Anthony J. Pennings, PhD

WRITINGS ON DIGITAL ECONOMICS, ENERGY STRATEGIES, AND GLOBAL COMMUNICATIONS

Net Neutrality and the Use of Virtual Private Networks (VPNs)

Net neutrality strives to treat VPNs (Virtual Private Networks) neutrally, meaning that Internet service providers (ISPs) should not discriminate against or block the use of VPN services. As a regulatory principle, Net neutrality advocates for equal treatment of all data on the Internet, regardless of the type of content, application, or service. VPN is a technology that establishes an encrypted connection over the Internet by allowing users to access a private network remotely. This connection provides anonymity, privacy, and security but may also be used in sensitive activities, including bypassing geographical restrictions imposed by licensing agreements, regional authorities, or ISPs.

Deep Packet Inspection of Internet Traffic and Net Neutrality

Deep Packet Inspection (DPI) is a network technology used to inspect and analyze the contents of data packets running through the Internet. It is a critical component of many network security, monitoring, and optimization solutions. DPI can be used in ways that violate these principles, such as by throttling or blocking specific types of content, services, or applications. In such cases, DPI is directly at odds with net neutrality.

U.S. Internet Policy, Part 6: Net Neutrality, Broadband Infrastructure and the Digital Divide

The digital divide proved to be more consequential than ever as the K-shaped recovery took shape, exacerbating income divisions. The divide has been particularly stressful on American families as schools and other activities for kids closed down during the Covid-19 pandemic. Some 20 million Americans had no or very slow Internet service while another 100 million cannot afford broadband.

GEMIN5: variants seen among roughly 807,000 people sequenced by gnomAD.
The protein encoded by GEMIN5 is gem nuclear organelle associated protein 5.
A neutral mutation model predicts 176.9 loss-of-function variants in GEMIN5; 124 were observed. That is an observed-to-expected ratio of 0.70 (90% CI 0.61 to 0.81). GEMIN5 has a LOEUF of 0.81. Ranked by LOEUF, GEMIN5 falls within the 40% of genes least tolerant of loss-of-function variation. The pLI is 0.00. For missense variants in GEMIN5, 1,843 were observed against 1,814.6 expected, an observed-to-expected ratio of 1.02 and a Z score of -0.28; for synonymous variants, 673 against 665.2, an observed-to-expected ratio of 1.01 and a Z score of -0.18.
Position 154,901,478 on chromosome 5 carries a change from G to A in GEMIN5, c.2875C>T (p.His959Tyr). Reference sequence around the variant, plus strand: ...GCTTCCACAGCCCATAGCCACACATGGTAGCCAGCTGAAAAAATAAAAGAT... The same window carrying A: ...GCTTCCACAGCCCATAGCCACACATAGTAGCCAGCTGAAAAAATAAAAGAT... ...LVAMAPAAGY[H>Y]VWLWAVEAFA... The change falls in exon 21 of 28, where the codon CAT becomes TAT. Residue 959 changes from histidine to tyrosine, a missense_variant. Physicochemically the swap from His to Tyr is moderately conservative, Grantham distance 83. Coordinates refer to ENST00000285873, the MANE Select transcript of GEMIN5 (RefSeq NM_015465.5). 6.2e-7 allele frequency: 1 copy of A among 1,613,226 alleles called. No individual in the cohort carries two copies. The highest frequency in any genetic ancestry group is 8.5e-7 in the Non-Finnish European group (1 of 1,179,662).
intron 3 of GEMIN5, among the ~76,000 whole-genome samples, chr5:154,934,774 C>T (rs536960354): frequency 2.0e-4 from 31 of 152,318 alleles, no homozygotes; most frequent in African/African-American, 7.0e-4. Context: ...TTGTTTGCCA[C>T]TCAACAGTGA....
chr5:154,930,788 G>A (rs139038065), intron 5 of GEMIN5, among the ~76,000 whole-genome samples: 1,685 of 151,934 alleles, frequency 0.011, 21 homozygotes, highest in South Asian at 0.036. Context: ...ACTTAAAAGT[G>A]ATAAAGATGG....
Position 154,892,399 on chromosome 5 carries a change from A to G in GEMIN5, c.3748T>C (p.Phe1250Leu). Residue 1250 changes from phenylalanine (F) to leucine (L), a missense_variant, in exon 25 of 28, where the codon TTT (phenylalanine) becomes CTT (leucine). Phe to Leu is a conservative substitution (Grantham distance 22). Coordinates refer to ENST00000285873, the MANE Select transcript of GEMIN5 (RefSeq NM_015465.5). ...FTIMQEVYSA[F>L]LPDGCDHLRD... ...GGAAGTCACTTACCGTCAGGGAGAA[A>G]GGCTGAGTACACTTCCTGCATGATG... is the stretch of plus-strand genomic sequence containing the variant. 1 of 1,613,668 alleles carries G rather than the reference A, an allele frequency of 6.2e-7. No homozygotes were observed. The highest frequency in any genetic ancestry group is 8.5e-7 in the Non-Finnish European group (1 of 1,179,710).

Engineering the Politics of TCP/IP and the Enabling Framework of the Internet

The protocols shape flows of information. Protocols have strong influence on the flow of information.

US Internet Policy, Part 5: Trump, Title I, and the End of Net Neutrality

The election of Donald Trump in 2016 presented new challenges to broadband policy and the net neutrality rules passed under the Obama administration. Tom Wheeler resigned from the Federal Communications Commission (FCC), allowing Trump to pick a Republican chair and swing the power to the GOP. The major issue would be to challenge the FCC’s […]

Internet Policy, Part 4: Obama and the Return of Net Neutrality, Temporarily

This post examines the Obama administration’s approach to Internet regulation and the issue of net neutrality. This involved reviving “Title II” regulation that works to guarantee the equal treatment of content throughout the Internet. Previously, I examined the legal and regulatory components of common carriage and the emergence of net neutrality as an enabling framework for Internet innovation and growth.

US Internet Policy, Part 3: The FCC and Consolidation of Broadband

Despite the design and the efforts of the Clinton-Gore administration to create a competitive environment, the Internet came to be increasingly controlled by a small number of ISPs. It is important to understand the policy environment and administrative actions that changed the Internet into the oligopolistic market structure that dominates broadband today. Policy changes allowed telcos to transition from the neutral transmitters of communication to the communicators themselves.

US Internet Policy, Part 1: The Rise of ISPs

Much of the early success of the Internet in the USA can be attributed to the emergence of a unique organizational form, the Internet Service Provider or “ISP,” which became the dominant provider of Internet and broadband services in the 1990s. These organizations resulted from a unique set of regulatory directives that pushed the Internet’s […]

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  • About Me

    Professor at State University of New York (SUNY) Korea since 2016. Moved to Austin, Texas in August 2012 to join the Digital Media Management program at St. Edwards University. Spent the previous decade on the faculty at New York University teaching and researching information systems, digital economics, and strategic communications.

    You can reach me at:

    apennings70@gmail.com
    anthony.pennings@sunykorea.ac.kr

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    The opinions expressed here do not necessarily reflect the views of my employers, past or present.